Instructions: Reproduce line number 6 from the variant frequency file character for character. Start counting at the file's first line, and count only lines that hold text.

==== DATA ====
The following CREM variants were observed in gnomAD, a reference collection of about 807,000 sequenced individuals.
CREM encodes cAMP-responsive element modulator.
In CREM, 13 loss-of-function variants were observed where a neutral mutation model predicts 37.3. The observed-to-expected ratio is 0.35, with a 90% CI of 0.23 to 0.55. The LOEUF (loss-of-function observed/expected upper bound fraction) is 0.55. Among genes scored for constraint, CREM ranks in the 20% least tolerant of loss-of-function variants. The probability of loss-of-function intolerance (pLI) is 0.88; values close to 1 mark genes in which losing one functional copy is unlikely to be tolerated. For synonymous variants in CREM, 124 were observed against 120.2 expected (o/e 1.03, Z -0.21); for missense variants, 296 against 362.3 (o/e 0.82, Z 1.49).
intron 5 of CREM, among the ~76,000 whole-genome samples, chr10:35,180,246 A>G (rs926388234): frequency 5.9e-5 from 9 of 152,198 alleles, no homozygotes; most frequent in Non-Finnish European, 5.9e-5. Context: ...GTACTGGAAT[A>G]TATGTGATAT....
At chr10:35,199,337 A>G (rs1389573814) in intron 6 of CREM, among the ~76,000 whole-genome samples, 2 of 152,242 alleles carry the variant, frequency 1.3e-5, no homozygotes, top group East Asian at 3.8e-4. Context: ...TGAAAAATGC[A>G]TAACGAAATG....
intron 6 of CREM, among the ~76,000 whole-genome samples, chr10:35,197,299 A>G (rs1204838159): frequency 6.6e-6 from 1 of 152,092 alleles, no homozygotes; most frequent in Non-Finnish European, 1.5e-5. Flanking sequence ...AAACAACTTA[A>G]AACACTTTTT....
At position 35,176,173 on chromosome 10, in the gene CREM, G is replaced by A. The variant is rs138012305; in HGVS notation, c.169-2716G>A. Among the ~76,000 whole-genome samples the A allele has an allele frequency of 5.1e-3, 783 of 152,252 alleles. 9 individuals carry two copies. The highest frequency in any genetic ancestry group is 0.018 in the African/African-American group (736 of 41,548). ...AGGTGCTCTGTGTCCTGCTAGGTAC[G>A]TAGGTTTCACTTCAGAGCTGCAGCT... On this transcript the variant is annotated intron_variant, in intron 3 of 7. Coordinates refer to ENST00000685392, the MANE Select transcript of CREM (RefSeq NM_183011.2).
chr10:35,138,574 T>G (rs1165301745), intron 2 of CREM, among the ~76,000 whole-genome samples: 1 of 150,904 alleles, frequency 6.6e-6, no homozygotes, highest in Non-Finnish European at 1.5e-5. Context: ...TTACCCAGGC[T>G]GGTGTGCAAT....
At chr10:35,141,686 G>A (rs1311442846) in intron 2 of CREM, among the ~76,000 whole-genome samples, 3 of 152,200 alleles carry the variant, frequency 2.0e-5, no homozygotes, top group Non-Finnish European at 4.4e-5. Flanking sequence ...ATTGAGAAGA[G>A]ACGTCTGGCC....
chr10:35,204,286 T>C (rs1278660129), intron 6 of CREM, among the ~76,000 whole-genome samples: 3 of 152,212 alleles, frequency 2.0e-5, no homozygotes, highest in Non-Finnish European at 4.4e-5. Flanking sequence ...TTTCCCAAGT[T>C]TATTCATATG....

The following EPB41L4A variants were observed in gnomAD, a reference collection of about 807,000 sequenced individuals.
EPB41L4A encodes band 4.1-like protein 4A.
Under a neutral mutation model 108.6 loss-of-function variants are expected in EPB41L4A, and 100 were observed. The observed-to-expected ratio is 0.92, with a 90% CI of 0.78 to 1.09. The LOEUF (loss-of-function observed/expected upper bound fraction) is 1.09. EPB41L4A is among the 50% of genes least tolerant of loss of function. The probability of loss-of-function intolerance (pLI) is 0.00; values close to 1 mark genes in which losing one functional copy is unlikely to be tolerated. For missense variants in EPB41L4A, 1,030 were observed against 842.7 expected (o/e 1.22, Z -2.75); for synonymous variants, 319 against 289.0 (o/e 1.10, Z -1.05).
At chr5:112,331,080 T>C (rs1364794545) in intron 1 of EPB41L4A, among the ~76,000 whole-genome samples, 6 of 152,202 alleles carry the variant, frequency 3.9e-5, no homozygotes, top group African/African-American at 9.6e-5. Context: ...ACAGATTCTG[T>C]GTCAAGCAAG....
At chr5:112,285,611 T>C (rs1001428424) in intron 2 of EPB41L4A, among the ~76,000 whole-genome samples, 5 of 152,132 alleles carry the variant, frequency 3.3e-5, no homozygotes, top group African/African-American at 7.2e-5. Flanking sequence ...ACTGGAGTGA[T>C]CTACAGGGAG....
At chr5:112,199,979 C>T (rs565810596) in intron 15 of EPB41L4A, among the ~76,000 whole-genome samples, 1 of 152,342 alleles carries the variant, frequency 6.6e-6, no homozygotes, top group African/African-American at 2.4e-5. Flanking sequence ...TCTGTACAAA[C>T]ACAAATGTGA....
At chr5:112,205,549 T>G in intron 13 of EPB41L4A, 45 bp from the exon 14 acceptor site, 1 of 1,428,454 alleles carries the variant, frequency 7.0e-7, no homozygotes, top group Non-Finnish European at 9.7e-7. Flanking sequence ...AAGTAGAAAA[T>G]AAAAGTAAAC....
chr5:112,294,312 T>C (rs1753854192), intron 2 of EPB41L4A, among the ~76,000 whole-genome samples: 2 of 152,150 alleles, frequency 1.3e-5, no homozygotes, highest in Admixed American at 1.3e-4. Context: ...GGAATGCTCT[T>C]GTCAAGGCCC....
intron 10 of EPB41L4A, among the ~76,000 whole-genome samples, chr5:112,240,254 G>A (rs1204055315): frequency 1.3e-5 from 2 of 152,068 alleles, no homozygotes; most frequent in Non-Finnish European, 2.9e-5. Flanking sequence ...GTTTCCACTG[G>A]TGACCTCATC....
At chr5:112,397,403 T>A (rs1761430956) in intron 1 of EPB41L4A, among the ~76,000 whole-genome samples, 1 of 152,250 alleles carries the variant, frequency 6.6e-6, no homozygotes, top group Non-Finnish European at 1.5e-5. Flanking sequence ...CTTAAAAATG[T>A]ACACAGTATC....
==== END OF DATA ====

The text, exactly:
intron 6 of CREM, among the ~76,000 whole-genome samples, chr10:35,197,299 A>G (rs1204838159): frequency 6.6e-6 from 1 of 152,092 alleles, no homozygotes; most frequent in Non-Finnish European, 1.5e-5. Flanking sequence ...AAACAACTTA[A>G]AACACTTTTT....